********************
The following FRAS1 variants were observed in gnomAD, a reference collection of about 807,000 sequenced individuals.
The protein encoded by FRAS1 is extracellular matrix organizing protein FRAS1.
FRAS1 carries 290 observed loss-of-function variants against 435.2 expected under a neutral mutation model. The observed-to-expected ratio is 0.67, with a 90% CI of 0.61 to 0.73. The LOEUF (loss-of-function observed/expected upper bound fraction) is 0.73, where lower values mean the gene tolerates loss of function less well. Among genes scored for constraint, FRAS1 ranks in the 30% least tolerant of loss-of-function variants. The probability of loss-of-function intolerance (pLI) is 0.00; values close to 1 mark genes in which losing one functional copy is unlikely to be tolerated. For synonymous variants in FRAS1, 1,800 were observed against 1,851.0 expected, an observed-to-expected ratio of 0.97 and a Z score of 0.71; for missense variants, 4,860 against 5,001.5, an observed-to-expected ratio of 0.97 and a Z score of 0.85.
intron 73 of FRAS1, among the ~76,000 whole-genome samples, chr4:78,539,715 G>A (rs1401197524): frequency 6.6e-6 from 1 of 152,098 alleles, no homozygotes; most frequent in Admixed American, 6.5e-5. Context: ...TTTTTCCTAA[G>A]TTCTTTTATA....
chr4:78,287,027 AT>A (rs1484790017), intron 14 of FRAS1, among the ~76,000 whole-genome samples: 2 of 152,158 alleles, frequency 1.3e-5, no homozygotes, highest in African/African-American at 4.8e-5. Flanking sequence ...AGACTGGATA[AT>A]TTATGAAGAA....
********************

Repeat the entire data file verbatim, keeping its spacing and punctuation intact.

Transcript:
The following FRAS1 variants were observed in gnomAD, a reference collection of about 807,000 sequenced individuals.
The protein encoded by FRAS1 is extracellular matrix organizing protein FRAS1.
FRAS1 carries 290 observed loss-of-function variants against 435.2 expected under a neutral mutation model. The observed-to-expected ratio is 0.67, with a 90% CI of 0.61 to 0.73. The LOEUF (loss-of-function observed/expected upper bound fraction) is 0.73, where lower values mean the gene tolerates loss of function less well. Among genes scored for constraint, FRAS1 ranks in the 30% least tolerant of loss-of-function variants. The probability of loss-of-function intolerance (pLI) is 0.00; values close to 1 mark genes in which losing one functional copy is unlikely to be tolerated. For synonymous variants in FRAS1, 1,800 were observed against 1,851.0 expected, an observed-to-expected ratio of 0.97 and a Z score of 0.71; for missense variants, 4,860 against 5,001.5, an observed-to-expected ratio of 0.97 and a Z score of 0.85.
intron 73 of FRAS1, among the ~76,000 whole-genome samples, chr4:78,539,715 G>A (rs1401197524): frequency 6.6e-6 from 1 of 152,098 alleles, no homozygotes; most frequent in Admixed American, 6.5e-5. Context: ...TTTTTCCTAA[G>A]TTCTTTTATA....
chr4:78,287,027 AT>A (rs1484790017), intron 14 of FRAS1, among the ~76,000 whole-genome samples: 2 of 152,158 alleles, frequency 1.3e-5, no homozygotes, highest in African/African-American at 4.8e-5. Flanking sequence ...AGACTGGATA[AT>A]TTATGAAGAA....